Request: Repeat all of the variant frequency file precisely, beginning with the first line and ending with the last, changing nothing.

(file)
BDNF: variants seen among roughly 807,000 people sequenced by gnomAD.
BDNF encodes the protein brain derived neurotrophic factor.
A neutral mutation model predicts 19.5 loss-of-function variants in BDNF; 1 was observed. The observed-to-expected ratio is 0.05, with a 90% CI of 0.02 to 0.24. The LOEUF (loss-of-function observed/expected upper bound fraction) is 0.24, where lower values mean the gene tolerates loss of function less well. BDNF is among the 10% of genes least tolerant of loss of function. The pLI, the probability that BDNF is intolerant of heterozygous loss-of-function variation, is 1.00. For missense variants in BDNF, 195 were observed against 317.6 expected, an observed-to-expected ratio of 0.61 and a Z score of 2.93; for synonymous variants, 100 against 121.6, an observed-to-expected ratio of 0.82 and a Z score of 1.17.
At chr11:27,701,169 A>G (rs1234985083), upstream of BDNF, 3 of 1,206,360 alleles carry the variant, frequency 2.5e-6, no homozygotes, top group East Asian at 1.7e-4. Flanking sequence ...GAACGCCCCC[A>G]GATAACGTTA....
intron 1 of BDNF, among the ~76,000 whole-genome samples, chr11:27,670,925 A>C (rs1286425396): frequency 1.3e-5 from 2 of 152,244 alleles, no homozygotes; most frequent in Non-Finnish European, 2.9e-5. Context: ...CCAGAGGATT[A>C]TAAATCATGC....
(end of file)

BDNF: variants seen among roughly 807,000 people sequenced by gnomAD.
BDNF encodes the protein brain derived neurotrophic factor.
A neutral mutation model predicts 19.5 loss-of-function variants in BDNF; 1 was observed. The observed-to-expected ratio is 0.05, with a 90% CI of 0.02 to 0.24. The LOEUF (loss-of-function observed/expected upper bound fraction) is 0.24, where lower values mean the gene tolerates loss of function less well. BDNF is among the 10% of genes least tolerant of loss of function. The pLI, the probability that BDNF is intolerant of heterozygous loss-of-function variation, is 1.00. For missense variants in BDNF, 195 were observed against 317.6 expected, an observed-to-expected ratio of 0.61 and a Z score of 2.93; for synonymous variants, 100 against 121.6, an observed-to-expected ratio of 0.82 and a Z score of 1.17.
At chr11:27,701,169 A>G (rs1234985083), upstream of BDNF, 3 of 1,206,360 alleles carry the variant, frequency 2.5e-6, no homozygotes, top group East Asian at 1.7e-4. Flanking sequence ...GAACGCCCCC[A>G]GATAACGTTA....
intron 1 of BDNF, among the ~76,000 whole-genome samples, chr11:27,670,925 A>C (rs1286425396): frequency 1.3e-5 from 2 of 152,244 alleles, no homozygotes; most frequent in Non-Finnish European, 2.9e-5. Context: ...CCAGAGGATT[A>C]TAAATCATGC....